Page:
Me and McChub enjoying some sun. Photo courtesy of Rochaun Meadows-Fernandez

Can We Talk About FOMO During Pregnancy?

Romper's Trying project follows five women with very different stories through a year of trying to conceive. Where discussions about fertility often focus on the end goal, they'll document what it's like emotionally, physically, and spiritually before you get there — the anxiety, the hope, the ovulation kits, the tests. How do you function when getting pregnant or carrying a pregnancy to term isn't a given? Read on for one woman's answer to that question.

Ambreia has a 2-year-old son and has been trying for a second child for a year and a half. This is the fourth installment of her Trying diary. You can read the previous entry here.

He’s back! He’s back! I'm not doing the single parenting thing anymore, and it feels great to have my in-home support system again. I really had no idea how much of an impact my husband made until I experienced being pregnant while trying to take care of a 2-year-old. It was really hard, and interestingly enough, around the time he got back, I felt immensely better.

This past month, I began trying to walk several times a week again. There were days that it was difficult to get the motivation to walk because my energy was so low, but most days I would do it anyway because I knew that I was not only helping me but the baby.

I didn't get an ultrasound at the 16-week doctor's appointment, which I was sad about but got over. Instead, I went through the "best" part and was pricked by a bunch of needles for the basic genetic testing. It's not something that I have spent a lot of time thinking about, but I wonder how we will adjust if our baby has any developmental delays . I had a small bout of nerves when the doctor's office took longer to call me back about my results than expected.

Being the high-anxiety person that I am, I was worried that additional testing would be needed and awaited that phone call with something approaching fear. In the end, I called them after a few days and found out the information had been in my chart, and they just didn't let me know because there was nothing alert-worthy. I was also happy to hear that my blood work didn't show any complications with my own body.

I'm really anxious about giving birth again, considering how rough my first experience was. I had a tiny health scare this month, possibly from overdoing it with the walking. One day after an extended (roughly 1.5-mile walk) my legs went to sleep for nearly 12 hours. To be safe, I was advised to go to the emergency room. Thankfully, their biggest fear — blood clots — wasn't detected.

There were several times that I had to cancel at the last minute because my energy was too low.

I completely forgot how much being pregnant changes your entire body. I can't walk as much as I'd like because so much of my body's energy resources are going to the baby. I've decided I need to speak with the doctor during my next appointment and ask them if there are any acceptable energy boosters I can take during pregnancy. These prenatals aren't cutting it!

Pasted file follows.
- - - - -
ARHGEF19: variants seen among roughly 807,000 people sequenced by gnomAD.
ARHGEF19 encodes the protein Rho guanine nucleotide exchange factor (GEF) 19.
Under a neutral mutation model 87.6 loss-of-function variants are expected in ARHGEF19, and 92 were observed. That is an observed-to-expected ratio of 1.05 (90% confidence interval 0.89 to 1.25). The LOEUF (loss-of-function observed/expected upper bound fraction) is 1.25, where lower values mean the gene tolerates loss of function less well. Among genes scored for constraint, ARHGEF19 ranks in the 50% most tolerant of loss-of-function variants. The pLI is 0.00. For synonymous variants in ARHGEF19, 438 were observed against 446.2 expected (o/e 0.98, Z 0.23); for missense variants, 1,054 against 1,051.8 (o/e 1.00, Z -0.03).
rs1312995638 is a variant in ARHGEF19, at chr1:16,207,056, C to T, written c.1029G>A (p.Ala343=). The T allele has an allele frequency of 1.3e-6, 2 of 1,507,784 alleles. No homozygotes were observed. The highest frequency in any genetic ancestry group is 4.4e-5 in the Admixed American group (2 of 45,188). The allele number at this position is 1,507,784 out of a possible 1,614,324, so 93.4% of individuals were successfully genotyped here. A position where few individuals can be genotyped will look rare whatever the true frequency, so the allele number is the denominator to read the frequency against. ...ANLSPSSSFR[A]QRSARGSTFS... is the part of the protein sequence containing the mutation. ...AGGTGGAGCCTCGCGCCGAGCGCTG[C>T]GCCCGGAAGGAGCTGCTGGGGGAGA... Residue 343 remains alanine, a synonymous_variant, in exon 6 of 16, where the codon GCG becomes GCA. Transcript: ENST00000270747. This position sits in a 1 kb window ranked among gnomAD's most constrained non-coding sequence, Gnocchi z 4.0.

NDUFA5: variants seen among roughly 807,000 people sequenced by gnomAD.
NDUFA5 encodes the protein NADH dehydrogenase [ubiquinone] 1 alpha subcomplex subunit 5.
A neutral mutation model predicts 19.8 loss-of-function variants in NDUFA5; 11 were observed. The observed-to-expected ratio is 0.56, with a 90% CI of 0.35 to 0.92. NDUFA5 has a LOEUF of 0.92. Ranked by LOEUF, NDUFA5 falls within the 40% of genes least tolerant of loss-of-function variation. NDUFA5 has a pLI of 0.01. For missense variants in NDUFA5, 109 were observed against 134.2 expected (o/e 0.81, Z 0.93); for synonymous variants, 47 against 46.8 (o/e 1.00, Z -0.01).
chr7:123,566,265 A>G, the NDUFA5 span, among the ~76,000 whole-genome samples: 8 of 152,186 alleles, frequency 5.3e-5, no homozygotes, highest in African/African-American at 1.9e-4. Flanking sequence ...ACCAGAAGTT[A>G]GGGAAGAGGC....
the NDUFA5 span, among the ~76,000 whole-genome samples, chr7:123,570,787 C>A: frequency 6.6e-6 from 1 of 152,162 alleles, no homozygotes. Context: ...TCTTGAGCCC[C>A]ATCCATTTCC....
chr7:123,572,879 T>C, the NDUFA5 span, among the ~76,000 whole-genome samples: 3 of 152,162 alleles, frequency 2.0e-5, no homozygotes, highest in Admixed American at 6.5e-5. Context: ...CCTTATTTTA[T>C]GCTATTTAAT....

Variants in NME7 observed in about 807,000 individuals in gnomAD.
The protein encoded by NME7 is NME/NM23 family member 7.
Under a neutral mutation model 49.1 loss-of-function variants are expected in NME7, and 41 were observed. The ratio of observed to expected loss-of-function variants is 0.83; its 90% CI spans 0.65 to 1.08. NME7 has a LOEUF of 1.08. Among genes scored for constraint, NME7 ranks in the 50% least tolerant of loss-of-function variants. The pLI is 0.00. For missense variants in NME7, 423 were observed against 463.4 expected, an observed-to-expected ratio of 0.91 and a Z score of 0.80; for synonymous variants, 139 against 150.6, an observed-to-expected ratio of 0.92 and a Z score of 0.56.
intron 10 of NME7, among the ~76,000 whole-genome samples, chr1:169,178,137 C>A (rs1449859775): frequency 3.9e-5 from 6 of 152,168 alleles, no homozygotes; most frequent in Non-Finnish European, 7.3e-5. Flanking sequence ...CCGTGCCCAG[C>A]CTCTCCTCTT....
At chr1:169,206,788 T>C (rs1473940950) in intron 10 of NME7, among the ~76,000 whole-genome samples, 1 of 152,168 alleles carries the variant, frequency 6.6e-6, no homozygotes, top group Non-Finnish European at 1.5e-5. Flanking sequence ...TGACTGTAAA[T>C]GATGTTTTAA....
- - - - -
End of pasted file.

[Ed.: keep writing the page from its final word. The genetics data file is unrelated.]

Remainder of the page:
Low energy was the defining quality of the month — it affected everything. Pregnancy has lead to FOMO and insecurity about my friendships. My local best friend wanted to hang out, and there were several times that I had to cancel at the last minute because my energy was too low.

Me and my little bump baby. Photo courtesy of Rochaun Meadows-Fernandez

I'd gained about 12 pounds by now and it wasn't hard to see each one — I started looking properly pregnant this month. The way my body was changing made me think this month made me do a lot of thinking about breastfeeding. Of course, it's pretty hard not to think about breastfeeding when your boobs have grown two or three sizes and all of your bras are too small. And don't even get me started on my nipples.

Anyway, I breastfed McChub for one and a half years. I want to breastfeed this baby as well but what happens if I run into new challenges? Or what happens if there's a delay in my milk? Logically, I know that I have the research skills to find donor milk and lactation consultants to help me work through those issues, but there is so much to think about.

In the beginning, getting out of bed each day was a huge struggle.

Since I'm getting bigger, my belly makes most of my clothes look dumb. It kinda does a number on your self-esteem, but the good news is I have started to feel the baby move quite regularly. I'm shifting out of the sickness and reluctance and more into the excitement of it! There's a person growing inside of me, and my family is about to change.

I thought about a few names and my husband, and I have one that we have been considering for a long time. But that name will only work if we have a girl. I have thought of ZERO boy names.

Since I was feeling much better this month, I've been able to transition my focus from surviving to thriving. In the beginning, getting out of bed each day was a huge struggle. Now I'm back to cooking, working, and even a small amount of cleaning. I'm so grateful that I started feeling like myself again. Now, it's time to do all I can while I still can — time for doing rather than feeling like I'm missing out. Because this is it, and I know the baby will be here before I know it.